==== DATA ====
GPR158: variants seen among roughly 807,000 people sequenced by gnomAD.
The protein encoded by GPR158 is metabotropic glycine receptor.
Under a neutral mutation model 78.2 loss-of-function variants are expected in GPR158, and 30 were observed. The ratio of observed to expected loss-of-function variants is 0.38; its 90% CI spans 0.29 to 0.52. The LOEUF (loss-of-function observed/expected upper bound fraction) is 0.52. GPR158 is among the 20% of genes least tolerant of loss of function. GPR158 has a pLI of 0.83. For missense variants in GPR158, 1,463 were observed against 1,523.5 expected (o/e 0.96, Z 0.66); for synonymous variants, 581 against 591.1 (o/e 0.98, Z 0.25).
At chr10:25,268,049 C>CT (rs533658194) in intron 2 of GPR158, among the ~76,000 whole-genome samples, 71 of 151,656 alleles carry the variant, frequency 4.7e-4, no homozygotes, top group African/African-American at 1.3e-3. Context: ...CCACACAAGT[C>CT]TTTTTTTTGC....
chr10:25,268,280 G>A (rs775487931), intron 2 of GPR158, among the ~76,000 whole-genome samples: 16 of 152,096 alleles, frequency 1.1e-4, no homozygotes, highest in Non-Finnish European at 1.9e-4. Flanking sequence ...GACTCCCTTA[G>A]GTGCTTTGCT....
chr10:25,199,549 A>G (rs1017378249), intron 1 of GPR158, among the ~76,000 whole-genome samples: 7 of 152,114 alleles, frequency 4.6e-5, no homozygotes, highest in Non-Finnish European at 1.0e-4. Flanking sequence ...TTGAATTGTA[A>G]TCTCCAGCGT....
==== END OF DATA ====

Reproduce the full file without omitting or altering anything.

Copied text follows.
GPR158: variants seen among roughly 807,000 people sequenced by gnomAD.
The protein encoded by GPR158 is metabotropic glycine receptor.
Under a neutral mutation model 78.2 loss-of-function variants are expected in GPR158, and 30 were observed. The ratio of observed to expected loss-of-function variants is 0.38; its 90% CI spans 0.29 to 0.52. The LOEUF (loss-of-function observed/expected upper bound fraction) is 0.52. GPR158 is among the 20% of genes least tolerant of loss of function. GPR158 has a pLI of 0.83. For missense variants in GPR158, 1,463 were observed against 1,523.5 expected (o/e 0.96, Z 0.66); for synonymous variants, 581 against 591.1 (o/e 0.98, Z 0.25).
At chr10:25,268,049 C>CT (rs533658194) in intron 2 of GPR158, among the ~76,000 whole-genome samples, 71 of 151,656 alleles carry the variant, frequency 4.7e-4, no homozygotes, top group African/African-American at 1.3e-3. Context: ...CCACACAAGT[C>CT]TTTTTTTTGC....
chr10:25,268,280 G>A (rs775487931), intron 2 of GPR158, among the ~76,000 whole-genome samples: 16 of 152,096 alleles, frequency 1.1e-4, no homozygotes, highest in Non-Finnish European at 1.9e-4. Flanking sequence ...GACTCCCTTA[G>A]GTGCTTTGCT....
chr10:25,199,549 A>G (rs1017378249), intron 1 of GPR158, among the ~76,000 whole-genome samples: 7 of 152,114 alleles, frequency 4.6e-5, no homozygotes, highest in Non-Finnish European at 1.0e-4. Flanking sequence ...TTGAATTGTA[A>G]TCTCCAGCGT....